The greenhouse was an ambitious project that has allowed Manzo to jump from having an education garden, used primarily to teach students, toward a production garden, where enough food is grown to sell at Manzo Market, a weekly farmer's market at the school, where the youth sell produce, eggs and occasionally smoked tilapia to local residents.
The development of the greenhouse opens up a whole suitcase of educational opportunities, according to Thompson, who wants the students to learn entrepreneurial and marketing skills such as how to price their produce in order to both make money and offer affordable, organic food to the community.
Helping spearhead the greenhouse project was Brandon Iker, a doctoral candidate in the UA soil, water and environmental science department. Iker's tasks range from helping lay concrete foundations to working toward improving garden production at Manzo.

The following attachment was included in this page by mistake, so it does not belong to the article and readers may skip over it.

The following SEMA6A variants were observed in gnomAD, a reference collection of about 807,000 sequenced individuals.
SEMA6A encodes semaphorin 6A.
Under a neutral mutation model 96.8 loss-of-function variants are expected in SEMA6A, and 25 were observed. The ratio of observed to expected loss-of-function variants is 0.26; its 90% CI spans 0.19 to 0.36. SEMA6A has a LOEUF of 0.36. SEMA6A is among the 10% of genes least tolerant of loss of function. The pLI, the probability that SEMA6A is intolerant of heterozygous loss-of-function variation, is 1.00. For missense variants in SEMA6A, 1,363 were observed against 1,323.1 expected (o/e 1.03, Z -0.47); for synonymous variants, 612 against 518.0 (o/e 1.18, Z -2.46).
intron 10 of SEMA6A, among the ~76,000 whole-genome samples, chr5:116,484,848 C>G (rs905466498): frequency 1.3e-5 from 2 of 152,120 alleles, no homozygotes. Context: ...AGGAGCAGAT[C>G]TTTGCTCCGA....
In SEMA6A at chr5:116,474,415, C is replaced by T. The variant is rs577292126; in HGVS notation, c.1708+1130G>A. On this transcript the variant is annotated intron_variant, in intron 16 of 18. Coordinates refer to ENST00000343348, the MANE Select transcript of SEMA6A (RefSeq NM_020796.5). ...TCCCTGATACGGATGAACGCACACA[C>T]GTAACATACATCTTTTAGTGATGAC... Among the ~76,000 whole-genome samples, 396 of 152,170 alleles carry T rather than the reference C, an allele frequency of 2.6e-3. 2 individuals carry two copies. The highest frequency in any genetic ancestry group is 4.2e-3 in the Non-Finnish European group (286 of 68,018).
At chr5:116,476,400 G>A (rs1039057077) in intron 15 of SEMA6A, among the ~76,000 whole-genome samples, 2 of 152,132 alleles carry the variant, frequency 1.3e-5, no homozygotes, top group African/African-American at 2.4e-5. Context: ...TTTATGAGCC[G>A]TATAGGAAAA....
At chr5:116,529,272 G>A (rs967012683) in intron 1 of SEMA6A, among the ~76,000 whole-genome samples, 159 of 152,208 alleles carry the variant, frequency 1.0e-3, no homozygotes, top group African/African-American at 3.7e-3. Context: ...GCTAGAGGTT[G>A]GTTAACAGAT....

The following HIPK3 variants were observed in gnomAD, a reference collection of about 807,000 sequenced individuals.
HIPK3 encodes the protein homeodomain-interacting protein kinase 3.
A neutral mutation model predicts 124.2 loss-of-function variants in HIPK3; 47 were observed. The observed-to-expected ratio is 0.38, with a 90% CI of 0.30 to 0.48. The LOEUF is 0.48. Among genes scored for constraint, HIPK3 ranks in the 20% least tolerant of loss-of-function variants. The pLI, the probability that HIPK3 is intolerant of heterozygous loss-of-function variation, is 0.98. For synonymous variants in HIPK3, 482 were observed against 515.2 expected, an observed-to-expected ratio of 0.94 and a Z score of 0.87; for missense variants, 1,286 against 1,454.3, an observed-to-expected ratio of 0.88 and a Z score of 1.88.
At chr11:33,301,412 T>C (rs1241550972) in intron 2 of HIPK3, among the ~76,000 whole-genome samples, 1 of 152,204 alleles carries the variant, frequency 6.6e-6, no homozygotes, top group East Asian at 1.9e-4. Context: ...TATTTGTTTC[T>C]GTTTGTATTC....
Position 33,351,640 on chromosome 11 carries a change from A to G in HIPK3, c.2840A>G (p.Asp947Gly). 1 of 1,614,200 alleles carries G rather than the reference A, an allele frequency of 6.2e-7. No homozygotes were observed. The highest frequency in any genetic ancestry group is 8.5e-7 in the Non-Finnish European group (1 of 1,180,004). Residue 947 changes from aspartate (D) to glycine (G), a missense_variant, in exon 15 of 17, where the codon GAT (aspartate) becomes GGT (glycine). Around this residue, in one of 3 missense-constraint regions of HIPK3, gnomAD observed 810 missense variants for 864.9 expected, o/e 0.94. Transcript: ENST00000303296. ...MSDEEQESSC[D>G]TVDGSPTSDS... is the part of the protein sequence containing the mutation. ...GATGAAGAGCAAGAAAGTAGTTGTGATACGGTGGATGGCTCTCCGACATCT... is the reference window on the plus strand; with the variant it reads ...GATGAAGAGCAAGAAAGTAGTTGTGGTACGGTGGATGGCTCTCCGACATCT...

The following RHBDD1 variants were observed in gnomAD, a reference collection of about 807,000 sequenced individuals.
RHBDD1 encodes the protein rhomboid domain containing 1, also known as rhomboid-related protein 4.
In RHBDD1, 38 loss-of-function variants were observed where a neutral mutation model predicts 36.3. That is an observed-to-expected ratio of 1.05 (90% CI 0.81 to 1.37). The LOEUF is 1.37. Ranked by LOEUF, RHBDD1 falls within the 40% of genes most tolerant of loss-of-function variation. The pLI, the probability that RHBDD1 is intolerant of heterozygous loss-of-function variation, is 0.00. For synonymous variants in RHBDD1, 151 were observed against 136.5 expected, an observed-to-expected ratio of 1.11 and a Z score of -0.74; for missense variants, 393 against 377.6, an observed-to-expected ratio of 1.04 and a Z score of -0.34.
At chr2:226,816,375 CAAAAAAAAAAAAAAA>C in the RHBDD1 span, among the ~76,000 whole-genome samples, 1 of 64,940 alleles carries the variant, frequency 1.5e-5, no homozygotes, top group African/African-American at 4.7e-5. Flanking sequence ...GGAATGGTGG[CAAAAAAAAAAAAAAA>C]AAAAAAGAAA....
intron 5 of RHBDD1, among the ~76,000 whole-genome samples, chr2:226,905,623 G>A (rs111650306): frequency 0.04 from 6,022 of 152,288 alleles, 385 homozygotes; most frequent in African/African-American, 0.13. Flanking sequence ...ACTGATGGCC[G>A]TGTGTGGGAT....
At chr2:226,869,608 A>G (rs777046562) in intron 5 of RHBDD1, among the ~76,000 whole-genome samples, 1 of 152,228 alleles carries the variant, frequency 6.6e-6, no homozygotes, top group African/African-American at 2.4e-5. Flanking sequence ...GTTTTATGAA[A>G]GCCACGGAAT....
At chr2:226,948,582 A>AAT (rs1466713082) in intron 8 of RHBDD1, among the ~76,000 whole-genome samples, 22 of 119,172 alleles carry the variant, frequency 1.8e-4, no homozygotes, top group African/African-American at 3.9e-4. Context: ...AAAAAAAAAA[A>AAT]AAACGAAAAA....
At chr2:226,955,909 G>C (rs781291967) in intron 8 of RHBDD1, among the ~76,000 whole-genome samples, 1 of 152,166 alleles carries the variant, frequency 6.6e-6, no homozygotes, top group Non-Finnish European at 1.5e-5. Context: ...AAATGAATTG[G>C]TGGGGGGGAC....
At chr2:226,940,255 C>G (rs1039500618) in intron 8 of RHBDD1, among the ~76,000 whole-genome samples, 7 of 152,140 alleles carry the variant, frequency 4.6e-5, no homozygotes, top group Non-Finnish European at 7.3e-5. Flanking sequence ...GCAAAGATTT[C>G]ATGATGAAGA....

"For me, Manzo is an outdoor research laboratory," said Iker, who grew up on a farm in Ohio. "After a sterile day of dissertation work, I really enjoy my time at Manzo working with nature and kids."
With the addition of ecology integrationist Wes Oswald to the Manzo staff, the school is incorporating the ecology program into all of their subjects, with UA interns as collaborators and implementers. Tasks range from teaching the students how to make change for Manzo Market to testing the water chemistry in the aquaponics system.
The UA interns also help the students with data collection – How many eggs did the chickens produce? What is the weight and volume of the food waste? The interns use this data to teach math standards, such as measurement, graphing and predicting.
"This has proven to be a more effective way of teaching math because the students are invested in the data," said Thompson, who acknowledges that the school has a history of poor AIMS math scores.
"This is the first year we have integrated the garden into the math curriculum, and already we are closing the gap," said Thompson. "We have made benchmark gains in a month like never before. I am expecting significant gains in our AIMS scores."